Returns a reference to the last item in the vector. If there is no last item, this function has undefined behavior.

See also empty() and first().

const_reference QValueVector::last () const

This is an overloaded member function, provided for convenience. It behaves essentially like the above function.

QValueVector<T> & QValueVector::operator= ( const QValueVector<T> & v )

Assigns v to this vector and returns a reference to this vector.

All iterators of the current vector become invalidated by this operation. The cost of such an assignment is O(1) since QValueVector is implicitly shared.

QValueVector<T> & QValueVector::operator= ( const std::vector<T> & v )

This is an overloaded member function, provided for convenience. It behaves essentially like the above function.

Assigns v to this vector and returns a reference to this vector.

All iterators of the current vector become invalidated by this operation. The cost of this assignment is O(n) since v is copied.

bool QValueVector::operator== ( const QValueVector<T> & x ) const

Returns TRUE if each element in this vector equals each corresponding element in x; otherwise returns FALSE.

bool QValueVector::operator== ( const QValueVector<T> & x )

This is an overloaded member function, provided for convenience. It behaves essentially like the above function.

Returns TRUE if each element in this vector equals each corresponding element in x; otherwise returns FALSE.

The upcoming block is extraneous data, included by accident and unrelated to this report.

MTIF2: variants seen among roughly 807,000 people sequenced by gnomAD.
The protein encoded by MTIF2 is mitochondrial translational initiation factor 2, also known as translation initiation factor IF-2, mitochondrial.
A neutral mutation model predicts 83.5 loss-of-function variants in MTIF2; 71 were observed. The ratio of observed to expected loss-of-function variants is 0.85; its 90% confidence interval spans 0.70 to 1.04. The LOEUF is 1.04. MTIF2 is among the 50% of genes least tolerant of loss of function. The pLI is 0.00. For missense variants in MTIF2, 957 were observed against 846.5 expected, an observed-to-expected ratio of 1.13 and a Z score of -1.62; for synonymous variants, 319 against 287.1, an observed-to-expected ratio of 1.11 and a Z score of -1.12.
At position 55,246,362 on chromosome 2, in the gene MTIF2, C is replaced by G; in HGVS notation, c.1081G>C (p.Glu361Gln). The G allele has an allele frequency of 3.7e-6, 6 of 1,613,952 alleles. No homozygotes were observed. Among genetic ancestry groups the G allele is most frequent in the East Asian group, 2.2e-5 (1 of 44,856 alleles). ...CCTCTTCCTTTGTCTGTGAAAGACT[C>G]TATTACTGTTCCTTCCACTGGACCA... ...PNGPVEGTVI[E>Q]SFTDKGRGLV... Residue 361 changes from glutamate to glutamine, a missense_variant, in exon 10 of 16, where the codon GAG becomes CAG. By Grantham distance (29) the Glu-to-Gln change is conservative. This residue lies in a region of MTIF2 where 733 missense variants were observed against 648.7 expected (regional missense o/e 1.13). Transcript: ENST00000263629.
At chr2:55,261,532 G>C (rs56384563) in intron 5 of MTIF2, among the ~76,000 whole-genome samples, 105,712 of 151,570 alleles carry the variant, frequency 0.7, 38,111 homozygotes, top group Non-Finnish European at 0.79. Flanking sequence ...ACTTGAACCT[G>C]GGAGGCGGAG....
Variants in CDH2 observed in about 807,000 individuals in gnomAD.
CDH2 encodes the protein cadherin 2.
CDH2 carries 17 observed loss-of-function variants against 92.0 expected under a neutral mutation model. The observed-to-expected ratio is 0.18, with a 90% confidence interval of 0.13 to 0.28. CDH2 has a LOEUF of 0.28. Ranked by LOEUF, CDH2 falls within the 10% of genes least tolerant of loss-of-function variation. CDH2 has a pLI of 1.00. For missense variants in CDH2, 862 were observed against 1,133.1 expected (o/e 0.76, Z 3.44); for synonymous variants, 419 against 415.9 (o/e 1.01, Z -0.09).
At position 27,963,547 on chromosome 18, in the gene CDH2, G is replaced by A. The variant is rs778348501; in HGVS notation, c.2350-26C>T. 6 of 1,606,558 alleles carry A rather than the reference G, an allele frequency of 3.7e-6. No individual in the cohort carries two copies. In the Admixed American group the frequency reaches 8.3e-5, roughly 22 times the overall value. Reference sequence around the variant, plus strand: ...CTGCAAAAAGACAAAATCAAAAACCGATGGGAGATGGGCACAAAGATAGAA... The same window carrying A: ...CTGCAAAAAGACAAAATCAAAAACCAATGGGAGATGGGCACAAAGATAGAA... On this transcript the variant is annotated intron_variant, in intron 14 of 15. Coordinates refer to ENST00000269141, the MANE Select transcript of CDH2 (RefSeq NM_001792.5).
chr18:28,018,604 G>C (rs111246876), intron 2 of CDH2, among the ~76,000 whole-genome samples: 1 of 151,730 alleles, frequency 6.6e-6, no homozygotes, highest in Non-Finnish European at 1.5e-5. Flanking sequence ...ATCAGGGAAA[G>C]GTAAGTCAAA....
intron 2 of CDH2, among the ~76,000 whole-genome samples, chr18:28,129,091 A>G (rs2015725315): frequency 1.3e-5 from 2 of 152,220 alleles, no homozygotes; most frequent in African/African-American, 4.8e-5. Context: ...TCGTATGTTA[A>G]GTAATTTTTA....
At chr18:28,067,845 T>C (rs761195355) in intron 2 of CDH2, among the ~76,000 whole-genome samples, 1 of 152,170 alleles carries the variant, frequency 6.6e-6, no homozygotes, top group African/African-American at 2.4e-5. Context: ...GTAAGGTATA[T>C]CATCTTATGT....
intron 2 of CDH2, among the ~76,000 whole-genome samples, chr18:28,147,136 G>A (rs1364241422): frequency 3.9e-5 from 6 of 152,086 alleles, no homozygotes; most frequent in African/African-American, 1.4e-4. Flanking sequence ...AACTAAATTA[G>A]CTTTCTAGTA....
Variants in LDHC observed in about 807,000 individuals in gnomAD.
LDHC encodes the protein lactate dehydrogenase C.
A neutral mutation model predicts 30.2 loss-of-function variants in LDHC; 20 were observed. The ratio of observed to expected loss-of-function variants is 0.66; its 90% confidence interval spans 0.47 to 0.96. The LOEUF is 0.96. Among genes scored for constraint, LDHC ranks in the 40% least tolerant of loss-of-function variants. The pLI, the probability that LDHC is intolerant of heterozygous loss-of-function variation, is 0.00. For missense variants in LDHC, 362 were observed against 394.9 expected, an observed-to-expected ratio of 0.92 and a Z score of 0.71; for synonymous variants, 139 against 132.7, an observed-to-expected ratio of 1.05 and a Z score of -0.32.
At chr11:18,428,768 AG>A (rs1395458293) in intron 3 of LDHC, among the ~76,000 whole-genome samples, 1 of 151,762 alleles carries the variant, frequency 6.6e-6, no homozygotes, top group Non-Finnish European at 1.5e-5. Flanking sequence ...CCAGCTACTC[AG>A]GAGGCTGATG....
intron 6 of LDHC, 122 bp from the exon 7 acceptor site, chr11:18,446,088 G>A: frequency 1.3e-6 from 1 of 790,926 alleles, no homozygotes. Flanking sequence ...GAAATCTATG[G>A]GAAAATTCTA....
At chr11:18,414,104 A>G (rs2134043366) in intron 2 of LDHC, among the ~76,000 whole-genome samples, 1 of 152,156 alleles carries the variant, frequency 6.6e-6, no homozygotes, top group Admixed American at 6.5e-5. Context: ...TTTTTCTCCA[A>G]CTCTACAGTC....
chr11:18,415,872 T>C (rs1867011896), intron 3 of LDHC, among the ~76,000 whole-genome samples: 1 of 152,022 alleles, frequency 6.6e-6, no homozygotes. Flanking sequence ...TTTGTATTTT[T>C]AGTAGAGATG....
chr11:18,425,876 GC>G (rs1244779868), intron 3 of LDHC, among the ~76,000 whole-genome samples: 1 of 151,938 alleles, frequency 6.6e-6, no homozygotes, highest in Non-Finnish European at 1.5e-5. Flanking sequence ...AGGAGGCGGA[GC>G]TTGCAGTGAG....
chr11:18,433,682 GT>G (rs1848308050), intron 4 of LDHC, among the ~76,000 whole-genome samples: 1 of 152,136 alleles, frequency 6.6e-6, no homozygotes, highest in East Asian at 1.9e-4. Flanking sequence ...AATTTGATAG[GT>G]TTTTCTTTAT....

reference QValueVector::operator[] ( size_type i )

Returns a reference to the element at index i. If i is out of range, this function has undefined behavior.

See also at().

const_reference QValueVector::operator[] ( size_type i ) const

This is an overloaded member function, provided for convenience. It behaves essentially like the above function.

Returns a const reference to the element at index i. If i is out of range, this function has undefined behavior.

See also at().

void QValueVector::pop_back ()

Removes the last item from the vector.

This function is provided for STL compatibility.

void QValueVector::push_back ( const T & x )

Appends a copy of x to the end of the vector. This is the fastest way to add new elements.

This function is provided for STL compatibility. It is equivalent to append().

See also insert().

void QValueVector::reserve ( size_type n )

Increases the vector's capacity. If n is less than or equal to capacity(), nothing happens. Otherwise, additional memory is allocated so that capacity() will be increased to a value greater than or equal to n. All iterators will then become invalidated. Note that the vector's size() and the values of existing elements remain unchanged.

void QValueVector::resize ( size_type n, const T & val = T ( ) )

Changes the size of the vector to n. If n is greater than the current size(), elements are added to the end and initialized with the value of val. If n is less than size(), elements are removed from the end. If n is equal to size() nothing happens.

size_type QValueVector::size () const

Returns the number of elements in the vector.

This function is provided for STL compatibility. It is equivalent to count().

See also empty().